(To make ‘60s connections with the movie even weirder: Carmine was formerly a sideman/percussionist for The Beach Boys, albeit that was in the ’70s. Fun, fun, fun.)
Life is a tangled web that can’t be undone, it seems, especially when there’s an asshole like me ever-ready to provide a reminder. I suspect it’s akin to standing on Main Street U.S.A., the lowliest Cast Member on the lot, desperately trying to untangle some hopelessly interwoven string to the blue Mickey Mouse balloon some dimwit from Des Plaines wants, while battling Fresh Gale-level Santa Ana winds. In my dreams I would be there, of course, in my best Nelson Muntz voice, yelling “Haw, Haw.” A tangled web, indeed.
I was married when I played at the Red Lion. Band members got half-priced food. It was the only time my wife ever waited up for me to get home from work — if she knew I was packin’ ribs. That’s quite an endorsement.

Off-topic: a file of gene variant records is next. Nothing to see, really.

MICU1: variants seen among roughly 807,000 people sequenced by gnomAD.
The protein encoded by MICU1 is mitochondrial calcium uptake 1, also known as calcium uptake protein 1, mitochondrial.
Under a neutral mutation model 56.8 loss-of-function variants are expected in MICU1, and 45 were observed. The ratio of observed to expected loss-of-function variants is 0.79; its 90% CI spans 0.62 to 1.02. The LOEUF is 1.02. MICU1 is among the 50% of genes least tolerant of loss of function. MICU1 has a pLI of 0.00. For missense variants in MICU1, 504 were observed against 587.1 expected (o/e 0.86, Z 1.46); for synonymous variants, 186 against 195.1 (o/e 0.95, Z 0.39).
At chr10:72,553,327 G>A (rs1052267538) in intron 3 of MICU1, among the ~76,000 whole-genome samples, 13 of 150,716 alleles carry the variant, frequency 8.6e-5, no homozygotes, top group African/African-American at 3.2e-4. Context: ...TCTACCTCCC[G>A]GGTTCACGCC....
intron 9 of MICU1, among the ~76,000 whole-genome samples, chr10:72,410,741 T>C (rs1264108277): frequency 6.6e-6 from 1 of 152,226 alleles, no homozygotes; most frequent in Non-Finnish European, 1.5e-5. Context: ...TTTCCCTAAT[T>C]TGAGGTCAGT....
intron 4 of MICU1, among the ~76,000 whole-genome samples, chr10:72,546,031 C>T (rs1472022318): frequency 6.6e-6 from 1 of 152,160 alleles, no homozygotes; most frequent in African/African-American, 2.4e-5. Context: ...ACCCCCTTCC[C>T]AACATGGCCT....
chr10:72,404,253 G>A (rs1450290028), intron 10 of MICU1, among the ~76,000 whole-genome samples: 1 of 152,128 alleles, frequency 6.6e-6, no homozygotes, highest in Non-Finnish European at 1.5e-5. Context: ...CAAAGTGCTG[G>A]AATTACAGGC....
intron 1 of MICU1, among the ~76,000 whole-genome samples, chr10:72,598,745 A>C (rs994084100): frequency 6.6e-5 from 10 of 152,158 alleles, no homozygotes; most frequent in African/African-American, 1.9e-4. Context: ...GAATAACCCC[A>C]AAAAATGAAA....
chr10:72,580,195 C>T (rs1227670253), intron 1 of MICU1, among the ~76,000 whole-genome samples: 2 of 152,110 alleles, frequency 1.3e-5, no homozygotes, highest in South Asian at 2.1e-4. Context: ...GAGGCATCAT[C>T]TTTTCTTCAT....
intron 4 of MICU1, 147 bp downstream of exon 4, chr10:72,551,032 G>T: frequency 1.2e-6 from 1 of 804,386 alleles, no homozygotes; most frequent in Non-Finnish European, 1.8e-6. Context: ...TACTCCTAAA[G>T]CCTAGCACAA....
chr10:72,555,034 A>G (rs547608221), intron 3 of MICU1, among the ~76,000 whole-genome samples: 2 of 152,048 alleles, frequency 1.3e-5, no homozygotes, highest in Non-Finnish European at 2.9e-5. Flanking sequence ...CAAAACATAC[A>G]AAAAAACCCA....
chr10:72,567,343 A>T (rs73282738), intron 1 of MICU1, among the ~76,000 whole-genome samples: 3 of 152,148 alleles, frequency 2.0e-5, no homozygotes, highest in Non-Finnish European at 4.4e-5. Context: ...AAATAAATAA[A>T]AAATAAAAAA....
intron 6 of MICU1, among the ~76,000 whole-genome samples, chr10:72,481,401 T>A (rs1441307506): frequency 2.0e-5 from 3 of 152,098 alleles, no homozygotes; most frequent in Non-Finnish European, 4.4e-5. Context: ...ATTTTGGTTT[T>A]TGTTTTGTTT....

I ordered the Red Lion Super Combo ($31.95/feeds four) for my two friends and me. It’s a choice of three meats: Pork Tenderloin, Beef Tri-Tip, Ribs, Chicken or Salmon, that comes with Fried Bread, Onion Rings and two sides. I got ribs, ribs and chicken for the meats, and BBQ Beans and Potato Salad for the sides; other side offerings are French Fries, Cole Slaw and Corn-on-the-Cob (seasonal).
The plate arrived with four onion rings at the top of the stack. This disappointed me. They may’ve been very good onion rings if they were hot and fresh. But I’ve been ruined by Cheddars.